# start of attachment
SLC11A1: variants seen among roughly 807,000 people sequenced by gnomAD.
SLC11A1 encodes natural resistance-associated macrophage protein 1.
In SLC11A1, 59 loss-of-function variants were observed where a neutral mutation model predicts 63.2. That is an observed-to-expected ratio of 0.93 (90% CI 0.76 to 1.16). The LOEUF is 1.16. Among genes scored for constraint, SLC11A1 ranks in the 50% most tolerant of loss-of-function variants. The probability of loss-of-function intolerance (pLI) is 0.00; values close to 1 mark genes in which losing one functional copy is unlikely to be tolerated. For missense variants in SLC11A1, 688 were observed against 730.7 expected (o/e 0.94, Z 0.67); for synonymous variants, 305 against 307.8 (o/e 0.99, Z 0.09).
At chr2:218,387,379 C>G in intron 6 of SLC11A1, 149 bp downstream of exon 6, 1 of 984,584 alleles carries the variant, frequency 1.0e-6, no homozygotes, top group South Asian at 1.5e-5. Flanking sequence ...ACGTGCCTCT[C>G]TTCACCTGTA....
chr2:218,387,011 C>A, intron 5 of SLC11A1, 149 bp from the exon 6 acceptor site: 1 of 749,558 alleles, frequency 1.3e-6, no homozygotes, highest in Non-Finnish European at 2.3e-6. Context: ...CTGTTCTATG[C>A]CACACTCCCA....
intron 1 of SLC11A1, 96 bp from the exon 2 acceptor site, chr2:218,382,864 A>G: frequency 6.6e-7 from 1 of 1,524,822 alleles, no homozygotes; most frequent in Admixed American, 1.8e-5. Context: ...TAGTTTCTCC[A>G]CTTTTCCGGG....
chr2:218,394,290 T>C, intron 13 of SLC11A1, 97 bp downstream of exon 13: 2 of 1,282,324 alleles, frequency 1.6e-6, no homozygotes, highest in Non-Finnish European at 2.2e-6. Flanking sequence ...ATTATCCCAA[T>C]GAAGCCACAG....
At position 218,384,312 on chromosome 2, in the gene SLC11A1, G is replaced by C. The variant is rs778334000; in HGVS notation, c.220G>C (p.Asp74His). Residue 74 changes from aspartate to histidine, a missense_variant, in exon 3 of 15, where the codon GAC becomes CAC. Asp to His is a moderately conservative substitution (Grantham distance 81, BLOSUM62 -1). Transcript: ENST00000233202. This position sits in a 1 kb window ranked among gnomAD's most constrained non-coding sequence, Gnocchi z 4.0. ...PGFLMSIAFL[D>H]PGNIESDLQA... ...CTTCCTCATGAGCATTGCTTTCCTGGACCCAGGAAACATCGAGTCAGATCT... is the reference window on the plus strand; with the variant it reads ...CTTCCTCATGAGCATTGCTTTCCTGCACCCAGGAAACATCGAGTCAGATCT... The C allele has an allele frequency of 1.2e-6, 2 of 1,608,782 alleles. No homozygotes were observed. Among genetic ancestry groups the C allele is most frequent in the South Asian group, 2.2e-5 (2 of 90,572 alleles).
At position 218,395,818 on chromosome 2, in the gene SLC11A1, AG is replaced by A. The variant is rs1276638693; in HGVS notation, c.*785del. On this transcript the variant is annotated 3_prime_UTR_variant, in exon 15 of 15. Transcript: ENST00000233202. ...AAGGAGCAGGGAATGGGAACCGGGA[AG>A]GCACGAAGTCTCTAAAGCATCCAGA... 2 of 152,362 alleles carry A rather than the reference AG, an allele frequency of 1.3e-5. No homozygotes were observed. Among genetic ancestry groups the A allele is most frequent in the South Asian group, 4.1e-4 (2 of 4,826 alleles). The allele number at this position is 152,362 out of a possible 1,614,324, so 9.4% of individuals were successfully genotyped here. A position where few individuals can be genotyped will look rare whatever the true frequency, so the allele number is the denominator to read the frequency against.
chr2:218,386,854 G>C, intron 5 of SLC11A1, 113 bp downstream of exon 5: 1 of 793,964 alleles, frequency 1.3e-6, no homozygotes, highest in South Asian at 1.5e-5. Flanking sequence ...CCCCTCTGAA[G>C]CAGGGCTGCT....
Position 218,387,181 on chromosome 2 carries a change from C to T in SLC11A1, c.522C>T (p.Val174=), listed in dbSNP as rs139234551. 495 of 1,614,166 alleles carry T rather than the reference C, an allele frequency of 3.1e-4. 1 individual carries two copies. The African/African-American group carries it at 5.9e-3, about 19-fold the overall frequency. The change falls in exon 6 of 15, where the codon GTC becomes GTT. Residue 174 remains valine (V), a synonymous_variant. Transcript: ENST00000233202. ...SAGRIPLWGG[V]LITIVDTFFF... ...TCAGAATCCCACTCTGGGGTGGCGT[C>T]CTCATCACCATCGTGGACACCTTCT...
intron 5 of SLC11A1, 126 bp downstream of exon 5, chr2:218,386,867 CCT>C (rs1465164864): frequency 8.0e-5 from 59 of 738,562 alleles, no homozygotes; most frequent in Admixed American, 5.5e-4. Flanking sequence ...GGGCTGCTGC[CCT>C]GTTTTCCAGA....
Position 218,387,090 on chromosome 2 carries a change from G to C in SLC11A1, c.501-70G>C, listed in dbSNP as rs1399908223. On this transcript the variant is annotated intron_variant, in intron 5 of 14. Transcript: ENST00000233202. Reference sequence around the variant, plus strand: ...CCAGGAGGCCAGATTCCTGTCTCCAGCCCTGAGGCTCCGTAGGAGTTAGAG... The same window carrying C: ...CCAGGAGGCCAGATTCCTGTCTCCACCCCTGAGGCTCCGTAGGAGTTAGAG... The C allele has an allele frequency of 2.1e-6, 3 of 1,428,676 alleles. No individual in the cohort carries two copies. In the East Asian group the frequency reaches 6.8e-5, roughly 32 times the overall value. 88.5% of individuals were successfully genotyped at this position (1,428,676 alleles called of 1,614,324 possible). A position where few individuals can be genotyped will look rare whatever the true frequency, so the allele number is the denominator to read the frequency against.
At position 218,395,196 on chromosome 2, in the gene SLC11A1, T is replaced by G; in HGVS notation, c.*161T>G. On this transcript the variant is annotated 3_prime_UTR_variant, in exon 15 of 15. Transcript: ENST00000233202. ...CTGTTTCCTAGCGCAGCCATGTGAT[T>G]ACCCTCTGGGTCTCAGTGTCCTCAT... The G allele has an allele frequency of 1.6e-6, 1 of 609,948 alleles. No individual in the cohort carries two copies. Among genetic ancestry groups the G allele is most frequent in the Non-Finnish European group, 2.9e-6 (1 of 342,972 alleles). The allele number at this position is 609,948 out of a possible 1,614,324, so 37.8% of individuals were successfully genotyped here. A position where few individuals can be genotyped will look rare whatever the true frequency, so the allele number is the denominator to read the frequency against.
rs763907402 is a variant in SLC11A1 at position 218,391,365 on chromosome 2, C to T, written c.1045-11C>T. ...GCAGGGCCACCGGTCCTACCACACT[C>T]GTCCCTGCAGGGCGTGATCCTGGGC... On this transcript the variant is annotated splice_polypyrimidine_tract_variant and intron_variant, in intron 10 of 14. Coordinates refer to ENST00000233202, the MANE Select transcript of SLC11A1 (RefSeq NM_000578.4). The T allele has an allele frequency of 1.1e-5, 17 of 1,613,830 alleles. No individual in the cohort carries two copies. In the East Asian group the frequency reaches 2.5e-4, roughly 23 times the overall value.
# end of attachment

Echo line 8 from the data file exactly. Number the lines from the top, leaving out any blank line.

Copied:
At position 218,384,312 on chromosome 2, in the gene SLC11A1, G is replaced by C. The variant is rs778334000; in HGVS notation, c.220G>C (p.Asp74His). Residue 74 changes from aspartate to histidine, a missense_variant, in exon 3 of 15, where the codon GAC becomes CAC. Asp to His is a moderately conservative substitution (Grantham distance 81, BLOSUM62 -1). Transcript: ENST00000233202. This position sits in a 1 kb window ranked among gnomAD's most constrained non-coding sequence, Gnocchi z 4.0. ...PGFLMSIAFL[D>H]PGNIESDLQA... ...CTTCCTCATGAGCATTGCTTTCCTGGACCCAGGAAACATCGAGTCAGATCT... is the reference window on the plus strand; with the variant it reads ...CTTCCTCATGAGCATTGCTTTCCTGCACCCAGGAAACATCGAGTCAGATCT... The C allele has an allele frequency of 1.2e-6, 2 of 1,608,782 alleles. No homozygotes were observed. Among genetic ancestry groups the C allele is most frequent in the South Asian group, 2.2e-5 (2 of 90,572 alleles).